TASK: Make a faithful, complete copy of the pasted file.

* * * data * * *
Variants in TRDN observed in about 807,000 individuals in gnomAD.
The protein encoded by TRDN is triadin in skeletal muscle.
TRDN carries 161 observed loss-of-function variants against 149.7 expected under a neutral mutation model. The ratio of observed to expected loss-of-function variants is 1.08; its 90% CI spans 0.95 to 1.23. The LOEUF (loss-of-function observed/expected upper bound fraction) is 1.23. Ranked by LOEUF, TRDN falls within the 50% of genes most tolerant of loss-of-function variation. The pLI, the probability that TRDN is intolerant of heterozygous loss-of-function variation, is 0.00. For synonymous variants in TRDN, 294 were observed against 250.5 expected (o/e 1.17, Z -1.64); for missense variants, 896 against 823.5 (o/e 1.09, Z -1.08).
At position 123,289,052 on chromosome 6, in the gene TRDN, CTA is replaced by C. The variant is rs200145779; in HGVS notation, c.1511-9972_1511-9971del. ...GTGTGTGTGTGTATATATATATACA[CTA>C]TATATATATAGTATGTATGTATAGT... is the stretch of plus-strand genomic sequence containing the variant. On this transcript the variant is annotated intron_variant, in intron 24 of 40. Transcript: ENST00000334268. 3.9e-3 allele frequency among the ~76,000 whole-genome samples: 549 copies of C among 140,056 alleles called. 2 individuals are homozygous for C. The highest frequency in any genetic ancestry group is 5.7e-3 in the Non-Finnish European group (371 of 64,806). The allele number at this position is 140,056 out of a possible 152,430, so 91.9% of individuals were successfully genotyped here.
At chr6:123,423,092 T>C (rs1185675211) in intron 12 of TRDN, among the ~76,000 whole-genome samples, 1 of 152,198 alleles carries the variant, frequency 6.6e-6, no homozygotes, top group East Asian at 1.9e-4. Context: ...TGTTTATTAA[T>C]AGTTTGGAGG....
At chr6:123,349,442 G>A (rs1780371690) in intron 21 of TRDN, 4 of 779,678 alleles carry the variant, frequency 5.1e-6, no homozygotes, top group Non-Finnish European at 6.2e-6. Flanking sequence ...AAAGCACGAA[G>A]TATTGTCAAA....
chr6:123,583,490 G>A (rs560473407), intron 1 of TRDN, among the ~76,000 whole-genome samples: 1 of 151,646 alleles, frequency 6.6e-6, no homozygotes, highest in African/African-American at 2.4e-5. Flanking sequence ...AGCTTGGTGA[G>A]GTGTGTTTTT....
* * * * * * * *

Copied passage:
Variants in TRDN observed in about 807,000 individuals in gnomAD.
The protein encoded by TRDN is triadin in skeletal muscle.
TRDN carries 161 observed loss-of-function variants against 149.7 expected under a neutral mutation model. The ratio of observed to expected loss-of-function variants is 1.08; its 90% CI spans 0.95 to 1.23. The LOEUF (loss-of-function observed/expected upper bound fraction) is 1.23. Ranked by LOEUF, TRDN falls within the 50% of genes most tolerant of loss-of-function variation. The pLI, the probability that TRDN is intolerant of heterozygous loss-of-function variation, is 0.00. For synonymous variants in TRDN, 294 were observed against 250.5 expected (o/e 1.17, Z -1.64); for missense variants, 896 against 823.5 (o/e 1.09, Z -1.08).
At position 123,289,052 on chromosome 6, in the gene TRDN, CTA is replaced by C. The variant is rs200145779; in HGVS notation, c.1511-9972_1511-9971del. ...GTGTGTGTGTGTATATATATATACA[CTA>C]TATATATATAGTATGTATGTATAGT... is the stretch of plus-strand genomic sequence containing the variant. On this transcript the variant is annotated intron_variant, in intron 24 of 40. Transcript: ENST00000334268. 3.9e-3 allele frequency among the ~76,000 whole-genome samples: 549 copies of C among 140,056 alleles called. 2 individuals are homozygous for C. The highest frequency in any genetic ancestry group is 5.7e-3 in the Non-Finnish European group (371 of 64,806). The allele number at this position is 140,056 out of a possible 152,430, so 91.9% of individuals were successfully genotyped here.
At chr6:123,423,092 T>C (rs1185675211) in intron 12 of TRDN, among the ~76,000 whole-genome samples, 1 of 152,198 alleles carries the variant, frequency 6.6e-6, no homozygotes, top group East Asian at 1.9e-4. Context: ...TGTTTATTAA[T>C]AGTTTGGAGG....
At chr6:123,349,442 G>A (rs1780371690) in intron 21 of TRDN, 4 of 779,678 alleles carry the variant, frequency 5.1e-6, no homozygotes, top group Non-Finnish European at 6.2e-6. Flanking sequence ...AAAGCACGAA[G>A]TATTGTCAAA....
chr6:123,583,490 G>A (rs560473407), intron 1 of TRDN, among the ~76,000 whole-genome samples: 1 of 151,646 alleles, frequency 6.6e-6, no homozygotes, highest in African/African-American at 2.4e-5. Flanking sequence ...AGCTTGGTGA[G>A]GTGTGTTTTT....